Tenor saxophonist George Brooks and electric bassist Kai Eckhardt share a vast universe of sound, from classical Hindustani music and jazz to blues and R&B. Their latest project, George Brooks and Kai Eckhardt’s Tangential Experience, expands their sonic purview exponentially with Egyptian pianist Osam Ezzeldin, Brazilian drummer Celso Alberti, and special guest vocalist Mahesh Kale, a master of classical Hindustani and semi-classical Maharashtrian styles.
More often heard on far-flung stages around the world than at home, the Berkeley neighbors Brooks and Eckhardt perform Wednesday at Freight & Salvage, a concert that highlights what might be their most important connection.
“Kai is a great ally on a human, spiritual and musical level,” Brooks says. “We live near each other. We have sons the exact same age at Berkeley High. We’re colleagues in fatherhood and as world traveling musicians.”
Born in Germany to a Liberian father and German mother, Eckhardt came to the US in the mid-80s to study at Berklee College of Music. Upon Eckhardt’s graduation, guitar legend John McLaughlin promptly recruited him for a trio with Indian percussionist Trilok Gurtu, an ensemble that recorded the classic 1990 album “Live at the Royal Albert Hall.” Not long afterwards Eckhardt met Brazilian-born poet Regina Camargo while performing with the trio at the old Yoshi’s on Claremont, and he ended up settling in Berkeley when they got married in 1992.
A high profile gig with drummer Billy Cobham kept him out on the road for several years, and for the past decade he toured widely on jam band circuit with the recently disbanded Garaj Mahal, a world groove combo that combined funk, early ‘70s Miles Davis fusion, Indian grooves and the rich harmonic vocabulary of modern jazz. Since the Garaj Mahal’s breakup, Eckhardt has been focusing on his own band Zeitgeist, which features Egyptian pianist Osam Ezzeldin, who recently moved from Boston to San Francisco.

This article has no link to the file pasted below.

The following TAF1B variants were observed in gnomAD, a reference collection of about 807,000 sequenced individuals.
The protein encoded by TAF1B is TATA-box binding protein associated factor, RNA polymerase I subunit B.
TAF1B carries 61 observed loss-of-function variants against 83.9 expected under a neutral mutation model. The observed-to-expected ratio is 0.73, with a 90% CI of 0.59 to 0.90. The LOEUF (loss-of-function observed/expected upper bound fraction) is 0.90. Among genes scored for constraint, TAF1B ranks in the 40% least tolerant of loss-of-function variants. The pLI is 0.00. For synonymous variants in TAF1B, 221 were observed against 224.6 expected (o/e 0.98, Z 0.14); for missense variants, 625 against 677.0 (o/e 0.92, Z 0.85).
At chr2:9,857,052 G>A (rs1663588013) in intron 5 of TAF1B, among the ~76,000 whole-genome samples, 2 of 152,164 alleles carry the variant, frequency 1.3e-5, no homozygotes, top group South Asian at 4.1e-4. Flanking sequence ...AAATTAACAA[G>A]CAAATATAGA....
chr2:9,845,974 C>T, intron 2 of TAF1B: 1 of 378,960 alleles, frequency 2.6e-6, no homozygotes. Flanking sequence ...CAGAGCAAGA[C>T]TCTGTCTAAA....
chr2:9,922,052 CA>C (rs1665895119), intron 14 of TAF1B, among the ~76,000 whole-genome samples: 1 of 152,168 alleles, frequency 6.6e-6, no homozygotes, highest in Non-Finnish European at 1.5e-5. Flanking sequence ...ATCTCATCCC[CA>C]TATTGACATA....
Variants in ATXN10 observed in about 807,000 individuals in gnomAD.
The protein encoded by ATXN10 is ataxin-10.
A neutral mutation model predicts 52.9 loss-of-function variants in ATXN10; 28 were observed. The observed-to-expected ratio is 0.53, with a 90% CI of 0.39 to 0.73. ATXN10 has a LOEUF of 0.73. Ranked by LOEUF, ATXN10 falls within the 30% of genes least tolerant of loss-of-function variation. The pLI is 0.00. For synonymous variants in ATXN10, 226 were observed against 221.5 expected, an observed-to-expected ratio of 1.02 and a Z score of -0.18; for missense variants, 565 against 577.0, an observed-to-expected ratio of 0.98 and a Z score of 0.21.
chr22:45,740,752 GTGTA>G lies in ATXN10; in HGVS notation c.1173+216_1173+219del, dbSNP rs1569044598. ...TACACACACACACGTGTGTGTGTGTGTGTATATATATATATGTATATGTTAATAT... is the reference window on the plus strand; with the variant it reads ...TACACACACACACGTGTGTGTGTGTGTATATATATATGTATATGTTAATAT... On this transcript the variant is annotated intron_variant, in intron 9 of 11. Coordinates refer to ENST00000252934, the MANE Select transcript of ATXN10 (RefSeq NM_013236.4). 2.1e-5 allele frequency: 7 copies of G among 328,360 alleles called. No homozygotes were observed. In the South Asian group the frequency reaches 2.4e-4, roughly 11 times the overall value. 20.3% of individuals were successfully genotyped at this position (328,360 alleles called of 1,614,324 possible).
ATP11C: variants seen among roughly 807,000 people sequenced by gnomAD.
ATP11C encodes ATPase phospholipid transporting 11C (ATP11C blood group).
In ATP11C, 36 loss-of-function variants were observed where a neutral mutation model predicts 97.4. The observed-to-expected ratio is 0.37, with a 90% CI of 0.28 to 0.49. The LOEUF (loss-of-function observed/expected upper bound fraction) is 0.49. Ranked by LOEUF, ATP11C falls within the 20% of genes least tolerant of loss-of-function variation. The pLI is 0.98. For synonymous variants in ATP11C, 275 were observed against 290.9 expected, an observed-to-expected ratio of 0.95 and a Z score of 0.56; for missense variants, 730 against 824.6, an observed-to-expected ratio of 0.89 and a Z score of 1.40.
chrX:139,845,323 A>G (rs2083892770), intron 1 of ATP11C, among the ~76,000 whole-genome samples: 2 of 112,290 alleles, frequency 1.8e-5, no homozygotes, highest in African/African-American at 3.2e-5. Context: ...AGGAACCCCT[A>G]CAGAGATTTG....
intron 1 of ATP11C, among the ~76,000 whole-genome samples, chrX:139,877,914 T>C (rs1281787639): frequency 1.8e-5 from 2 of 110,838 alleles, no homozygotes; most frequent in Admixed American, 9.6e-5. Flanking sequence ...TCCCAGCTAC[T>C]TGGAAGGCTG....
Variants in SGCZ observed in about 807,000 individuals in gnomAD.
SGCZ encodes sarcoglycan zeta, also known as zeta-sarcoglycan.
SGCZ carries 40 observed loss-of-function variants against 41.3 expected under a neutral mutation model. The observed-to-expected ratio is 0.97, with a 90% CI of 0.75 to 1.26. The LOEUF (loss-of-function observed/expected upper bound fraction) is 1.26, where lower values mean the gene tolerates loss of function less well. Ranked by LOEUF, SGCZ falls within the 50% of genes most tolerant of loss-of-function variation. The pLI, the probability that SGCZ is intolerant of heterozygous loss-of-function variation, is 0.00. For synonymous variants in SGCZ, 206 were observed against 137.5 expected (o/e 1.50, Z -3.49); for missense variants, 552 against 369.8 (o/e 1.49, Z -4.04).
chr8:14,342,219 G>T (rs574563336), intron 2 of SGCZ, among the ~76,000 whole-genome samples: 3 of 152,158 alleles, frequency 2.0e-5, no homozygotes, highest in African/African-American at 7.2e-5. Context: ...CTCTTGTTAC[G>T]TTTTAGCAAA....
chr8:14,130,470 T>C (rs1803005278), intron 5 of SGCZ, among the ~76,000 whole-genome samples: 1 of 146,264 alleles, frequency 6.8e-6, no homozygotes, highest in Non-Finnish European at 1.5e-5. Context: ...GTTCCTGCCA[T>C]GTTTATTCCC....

“He’s the new kid on the block,” Brooks says. “He got a full scholarship to attend Berklee, and was able to get his citizenship on a track for artists of incredibly ability. He was working and living in Turkey where he met Zakir, and he came to me and Kai through that connection. He grew up hearing a lot of the sounds of the Middle East and he’s amazing with odd time signatures, a supremely dynamic player and very nice guy.”
Brooks musical relationship with Eckhardt really took off when he brought the bassist into his seminal Indo-jazz ensemble Summit with the superlative percussion tandem of trap master Steve Smith and tabla maestro Zakir Hussain. They’ve continued to collaborate in various settings, drawn together by convenient geography and aesthetic concepts that “connect indirectly in some ways, but are very functional,” Eckhardt says.
“McLaughlin and Gurtu were working on original music, not Indian per se, but heavily colored by Indian music. I graduated from Berklee in jazz performance and was always into R&B and funk, and really had nothing to do with Indian music, though I did learn some. Like McLaughlin, George was another Westerner who had actually taken formal training with an Indian master. So we could communicate, and we developed our own type of music. I understood Konnakol, the vocalization that mostly comes from tabla. When you study different styles and you sit down and write from your heart it turns into its own thing.”
In Tangential Experience, a moniker inspired by Dore Stein’s invaluable, long-running world music show on KALW (91.7 FM), Eckhardt and Brooks have created a wide-open setting to explore original compositions laced with extended passages of improvisation. Don’t be surprised if a jazz standard or two gets tossed into the mix. At the group’s last performance at Yoshi’s, Brooks brought the lovely Billy Eckstine ballad “I Want To Talk About You,” a tune associated with John Coltrane.
“I want to find a way to get an Indian angle on some of those standards,” says Brooks, who also performs at Yoshi’s June 23-24 with Larry Coryell Earthquake.
Daniel Meza is taping the two-night stand as part of a documentary on the pioneering jazz guitarist, who helped usher in the jazz/rock fusion movement in the late 1960s. Coryell and Brooks have collaborated widely over the past decade, but usually in concert with Indian musicians, like Hari Prasad Churasia or in Bombay Jazz with Ronu Majumdar on bansuri and Vijay Ghate on tabla.
“Larry’s going to be exploring some of his early fusion stuff, material he almost never plays,” Brooks says. “So this will be something different.”
Andrew Gilbert, whose Berkeleyside music column appears every Thursday, also covers music and dance for the San Jose Mercury News, Contra Costa Times, Los Angeles Times, Boston Globe and KQED’s California Report. He lives in west Berkeley.
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